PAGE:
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As mentioned earlier in the blog, the Bunga Terung is a deviation of the Mata Aso. Here we will look at the components individually.

bunga terung

The Bunga Terung motif, drawn by Sonny Jumpo.

‘Bunga’ is a Malay word for flower, and ‘Terung’ is Malay for brinjal, or eggplant. Do note that the Iban language contains many words adopted from the Malay language.

eggplant flower

The eggplant flower. Photograph © Juan Buitrago

The frog life cycle is significant to the Iban because of the connotation it has with the coming of age of a young man. This is represented by the coil, or ‘Tali Nyawa’.

According to the diagram, on the 70th day from the frog’s existence as an egg, the tadpole would have begun sprout the beginnings of hind legs. This is drawn in comparison to the Iban custom of a young men going into the jungle alone for the first time to fulfill a certain task, most often, the hunt for the first kill. The phrase for this in Iban is ‘Berjalai’, which means to walk. As the tadpole shows readiness to begin life on land, so is young man who is ready to walk into the world as a grown man. Before the young man embarks on his journey, he will receive two Bunga Terung, one on each shoulder. The Bunga Terung should never be worn as a single design. It must be in a pair to balance and to protect both sides of the body. It should also be noted that it is around this stage of a tadpole’s life cycle that the fully developed and pronounced intestinal coils can be seen through a transparent belly. ‘Tali Nyawa’ directly refers to the coil, and translates as ‘Rope of Life’.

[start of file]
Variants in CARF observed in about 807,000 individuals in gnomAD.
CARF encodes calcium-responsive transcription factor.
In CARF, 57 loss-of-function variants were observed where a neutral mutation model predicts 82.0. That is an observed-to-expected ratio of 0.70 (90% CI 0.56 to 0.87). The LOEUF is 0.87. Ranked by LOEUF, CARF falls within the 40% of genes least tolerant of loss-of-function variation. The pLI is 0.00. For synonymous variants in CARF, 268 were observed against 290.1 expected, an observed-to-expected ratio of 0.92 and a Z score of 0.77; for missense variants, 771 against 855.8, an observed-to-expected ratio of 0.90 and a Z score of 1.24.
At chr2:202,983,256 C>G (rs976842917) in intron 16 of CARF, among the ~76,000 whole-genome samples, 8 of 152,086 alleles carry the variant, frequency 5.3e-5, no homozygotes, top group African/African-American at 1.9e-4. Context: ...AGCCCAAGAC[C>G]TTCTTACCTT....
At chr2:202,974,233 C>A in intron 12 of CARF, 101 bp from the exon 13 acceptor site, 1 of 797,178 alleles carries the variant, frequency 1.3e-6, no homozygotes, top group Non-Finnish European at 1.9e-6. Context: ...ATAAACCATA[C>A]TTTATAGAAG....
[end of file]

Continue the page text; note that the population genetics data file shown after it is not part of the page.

Photograph © Cindy @ http://dipperanch.blogspot.com/


Photograph © Lydia Fucsko

tadpole specimen

Side, top and bottom view of a preserved tadpole specimen. Picture from the Municipality of Caldas, Novas, Goias, Brazil.